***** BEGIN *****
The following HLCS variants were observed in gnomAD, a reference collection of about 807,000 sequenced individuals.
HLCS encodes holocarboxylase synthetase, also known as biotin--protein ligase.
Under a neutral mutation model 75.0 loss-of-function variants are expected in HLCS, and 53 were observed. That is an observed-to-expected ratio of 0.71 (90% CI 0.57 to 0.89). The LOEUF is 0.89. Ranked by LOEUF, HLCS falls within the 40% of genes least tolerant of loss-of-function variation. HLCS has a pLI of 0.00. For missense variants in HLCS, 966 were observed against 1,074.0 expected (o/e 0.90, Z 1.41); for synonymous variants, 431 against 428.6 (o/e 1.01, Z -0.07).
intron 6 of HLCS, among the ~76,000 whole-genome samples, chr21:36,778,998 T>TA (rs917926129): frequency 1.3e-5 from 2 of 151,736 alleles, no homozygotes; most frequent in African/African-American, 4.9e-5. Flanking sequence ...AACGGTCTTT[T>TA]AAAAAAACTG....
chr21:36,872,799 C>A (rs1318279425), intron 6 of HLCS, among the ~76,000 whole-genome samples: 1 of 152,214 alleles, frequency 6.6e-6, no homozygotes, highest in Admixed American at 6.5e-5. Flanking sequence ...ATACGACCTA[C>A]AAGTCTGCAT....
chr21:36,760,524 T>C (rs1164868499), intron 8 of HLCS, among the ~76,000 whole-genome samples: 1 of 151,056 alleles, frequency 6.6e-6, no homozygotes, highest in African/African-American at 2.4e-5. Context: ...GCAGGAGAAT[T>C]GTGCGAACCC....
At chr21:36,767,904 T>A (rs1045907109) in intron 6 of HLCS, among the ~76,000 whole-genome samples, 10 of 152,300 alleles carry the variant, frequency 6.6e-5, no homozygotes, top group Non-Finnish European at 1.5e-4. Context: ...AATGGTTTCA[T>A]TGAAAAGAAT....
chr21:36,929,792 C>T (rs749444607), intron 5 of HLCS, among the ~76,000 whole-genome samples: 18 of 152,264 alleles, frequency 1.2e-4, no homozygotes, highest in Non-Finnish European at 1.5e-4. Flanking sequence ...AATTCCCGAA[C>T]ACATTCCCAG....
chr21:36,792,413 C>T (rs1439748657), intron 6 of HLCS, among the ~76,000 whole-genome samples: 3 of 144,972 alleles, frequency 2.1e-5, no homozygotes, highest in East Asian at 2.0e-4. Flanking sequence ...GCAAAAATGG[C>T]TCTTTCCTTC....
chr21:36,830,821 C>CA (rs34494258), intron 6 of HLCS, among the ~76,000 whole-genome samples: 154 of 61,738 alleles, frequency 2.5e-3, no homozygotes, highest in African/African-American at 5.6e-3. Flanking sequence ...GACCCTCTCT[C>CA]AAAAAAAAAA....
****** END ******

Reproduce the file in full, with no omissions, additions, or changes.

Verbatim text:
The following HLCS variants were observed in gnomAD, a reference collection of about 807,000 sequenced individuals.
HLCS encodes holocarboxylase synthetase, also known as biotin--protein ligase.
Under a neutral mutation model 75.0 loss-of-function variants are expected in HLCS, and 53 were observed. That is an observed-to-expected ratio of 0.71 (90% CI 0.57 to 0.89). The LOEUF is 0.89. Ranked by LOEUF, HLCS falls within the 40% of genes least tolerant of loss-of-function variation. HLCS has a pLI of 0.00. For missense variants in HLCS, 966 were observed against 1,074.0 expected (o/e 0.90, Z 1.41); for synonymous variants, 431 against 428.6 (o/e 1.01, Z -0.07).
intron 6 of HLCS, among the ~76,000 whole-genome samples, chr21:36,778,998 T>TA (rs917926129): frequency 1.3e-5 from 2 of 151,736 alleles, no homozygotes; most frequent in African/African-American, 4.9e-5. Flanking sequence ...AACGGTCTTT[T>TA]AAAAAAACTG....
chr21:36,872,799 C>A (rs1318279425), intron 6 of HLCS, among the ~76,000 whole-genome samples: 1 of 152,214 alleles, frequency 6.6e-6, no homozygotes, highest in Admixed American at 6.5e-5. Flanking sequence ...ATACGACCTA[C>A]AAGTCTGCAT....
chr21:36,760,524 T>C (rs1164868499), intron 8 of HLCS, among the ~76,000 whole-genome samples: 1 of 151,056 alleles, frequency 6.6e-6, no homozygotes, highest in African/African-American at 2.4e-5. Context: ...GCAGGAGAAT[T>C]GTGCGAACCC....
At chr21:36,767,904 T>A (rs1045907109) in intron 6 of HLCS, among the ~76,000 whole-genome samples, 10 of 152,300 alleles carry the variant, frequency 6.6e-5, no homozygotes, top group Non-Finnish European at 1.5e-4. Context: ...AATGGTTTCA[T>A]TGAAAAGAAT....
chr21:36,929,792 C>T (rs749444607), intron 5 of HLCS, among the ~76,000 whole-genome samples: 18 of 152,264 alleles, frequency 1.2e-4, no homozygotes, highest in Non-Finnish European at 1.5e-4. Flanking sequence ...AATTCCCGAA[C>T]ACATTCCCAG....
chr21:36,792,413 C>T (rs1439748657), intron 6 of HLCS, among the ~76,000 whole-genome samples: 3 of 144,972 alleles, frequency 2.1e-5, no homozygotes, highest in East Asian at 2.0e-4. Flanking sequence ...GCAAAAATGG[C>T]TCTTTCCTTC....
chr21:36,830,821 C>CA (rs34494258), intron 6 of HLCS, among the ~76,000 whole-genome samples: 154 of 61,738 alleles, frequency 2.5e-3, no homozygotes, highest in African/African-American at 5.6e-3. Flanking sequence ...GACCCTCTCT[C>CA]AAAAAAAAAA....